The Big One, but David Livingstone (1813-1873) – is not my kind of explorer. He certainly explored, but he didn’t study. My kind of explorer searched for knowledge of the local fauna and flora, found new birds, new frogs, new bugs and new plants. One of them wrote he explored ‘in pursuit of knowledge,’ but Livingstone was in pursuit of something else. He was focused on ‘Christianity, Commerce and Civilisation’ – euphemism, I think, for ‘Conquest.’ Rather than ‘exploring,’ he was very much ‘on his own mission!’ Livingstone fans, be prepared to be annoyed!
In 1840, while studying medicine in London, Livingstone met missionary Robert Moffatt, on leave from Kuruman a missionary outpost in South Africa, north of the !Gariep River. He was excited by Moffat’s vision of expanding missionary work northwards, and he was also influenced by arguments that the African slave trade might be destroyed through the influence of ‘legitimate trade’ – trade by England rather than trade by the Arabs? – and the spread of Christianity.
His first journey on arrival was from Port Elizabeth to Kuruman by ox wagon, guided by three local men: ‘I enjoy African Travel; the complete freedom of stopping where I want, lighting a fire to cook when I am hungry. The novelty of sleeping under the stars in thinly populated country makes a complete break from my cramped and regulated past existence in Scotland.’
In his missionary work, Livingstone perhaps displayed varying degrees of missionary zeal:
– He was obliged to leave his first mission at Mabotsa in Botswana in 1845 after irreconcilable differences emerged between him and his fellow missionary, Rogers Edwards, and because the Bakgatla were ‘proving indifferent to the Gospel.’ |Maybe they were asking Why?
– He abandoned Chonuane, his next mission, in 1847 because of drought and the proximity of the Boers and his desire ‘to move on to the regions beyond.’
– At Kolobeng mission Livingstone ‘converted’ Chief Sechele, but only a few months later Sechele ‘lapsed’ – came to his senses? What exactly is wrong with my own belief system? he may reasonably have asked himself? Livingstone left Kolobeng, convinced that the best long-term chance for successful evangelising was to explore Africa in advance of European commercial interest and other missionaries by mapping and navigating its rivers which might then become ‘highways’ into the interior. In other words, he thought his best missionary work would be to stop doing missionary work?
Maybe they were thinking:
Livingstone was, to put it mildly, not easy to get along with. Expedition members recorded that Livingstone was an inept leader incapable of managing a large-scale project. He was also said to be secretive, self-righteous and moody, and could not tolerate criticism, all of which severely strained the expedition and which led to his physician John Kirk writing in 1862, “I can come to no other conclusion than that Dr Livingstone is out of his mind and a most unsafe leader.”
So bugger them, he often traveled alone. Well, ‘alone’ colonist-style:-
He traveled north and west, alone, with 27 African guides and warriors loaned by the chief of the Kololo in the Linyanti / Makololo region. They reached the Atlantic after profound difficulties and near-death from fever, then returned to Linyanti / Makololo. Then, alone, with 114 men loaned by the same chief, he set off east down the Zambezi. On this leg he was shown the magnificent Mosi-oa-Tunya, a waterfall local people knew and called by a beautiful name – which he re-named some arbitrary name without consulting them (I know, I’m being hard on the poor man – not).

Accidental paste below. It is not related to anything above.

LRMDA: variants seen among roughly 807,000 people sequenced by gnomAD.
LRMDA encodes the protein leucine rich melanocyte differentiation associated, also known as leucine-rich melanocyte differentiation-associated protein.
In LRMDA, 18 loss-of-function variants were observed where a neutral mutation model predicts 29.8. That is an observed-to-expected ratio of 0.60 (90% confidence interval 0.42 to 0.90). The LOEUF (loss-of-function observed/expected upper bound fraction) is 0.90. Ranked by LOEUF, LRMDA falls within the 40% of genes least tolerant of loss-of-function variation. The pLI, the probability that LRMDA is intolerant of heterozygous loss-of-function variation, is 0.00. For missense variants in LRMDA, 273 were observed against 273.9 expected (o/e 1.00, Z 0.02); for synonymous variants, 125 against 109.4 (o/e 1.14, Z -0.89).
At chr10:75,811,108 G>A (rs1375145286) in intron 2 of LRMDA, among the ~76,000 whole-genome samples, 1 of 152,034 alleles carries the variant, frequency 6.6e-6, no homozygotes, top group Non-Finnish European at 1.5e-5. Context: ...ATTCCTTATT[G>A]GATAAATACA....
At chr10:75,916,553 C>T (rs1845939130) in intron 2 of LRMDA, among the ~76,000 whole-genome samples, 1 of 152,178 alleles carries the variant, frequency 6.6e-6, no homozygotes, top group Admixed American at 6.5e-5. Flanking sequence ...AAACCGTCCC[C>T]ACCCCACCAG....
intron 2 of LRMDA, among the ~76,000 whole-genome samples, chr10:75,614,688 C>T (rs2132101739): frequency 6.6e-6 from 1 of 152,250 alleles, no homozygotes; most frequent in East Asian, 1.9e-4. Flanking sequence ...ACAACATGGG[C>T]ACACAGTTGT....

He successfully reached the Indian Ocean, having mapped most of the course of the Zambezi river, becoming the first – oh no, hang on! – the fourth person to record an ocean-to-ocean crossing of south-central Africa.
- local traders had crossed from Angola to Mozambique;
- Portuguese traders had already penetrated to the middle of the continent from both sides;
- two Arab traders crossed the continent from Zanzibar to Benguela;
The British press, of course, saw it otherwise. An early example of fake news, which made Livingstone famous. He was first, as non-British accomplishments were little known or cared about, or cared for, by the British press.** Jingo!
After this, Livingstone moved north, out of my southern African interest area for this series of amateur articles on explorers, so we’ll let him go. There’s lots more one can read about him and his sainthood (or the British jingo equivalent). He died in Zambia at 60, of fever and dysentery, regretting he hadn’t spent more time with his kids.
Read more then – there are endless sources including critics and apologists! Just on ‘Livingstone and Stanley’ there are over 1766 books! They are both saints, they are both devils. Depends who wrote about them; wikipedia; London School of Economics LSE blog – Yvonne Kabombwe; 15 interesting things; BBC History; LSE blog Imperial Obsessions conference – Joanna Lewis; livingstoneonline.org; Livingstone’s uncensored diary; Stanley: A fake rascal;
** Here’s an example – ‘Livingstone’s subsequent explorations took him far from the Victoria Falls, and he never saw them again. Following Livingstone’s visit to the Falls, and that of William Baldwin in 1860, ‘a few Boar hunters are known to have visited the Falls in 1861 but it is known that only one, Martinus Swartz, survived the return journey.’ – So let’s just say Thomas Baines was third to reach the falls, shall we, old chap?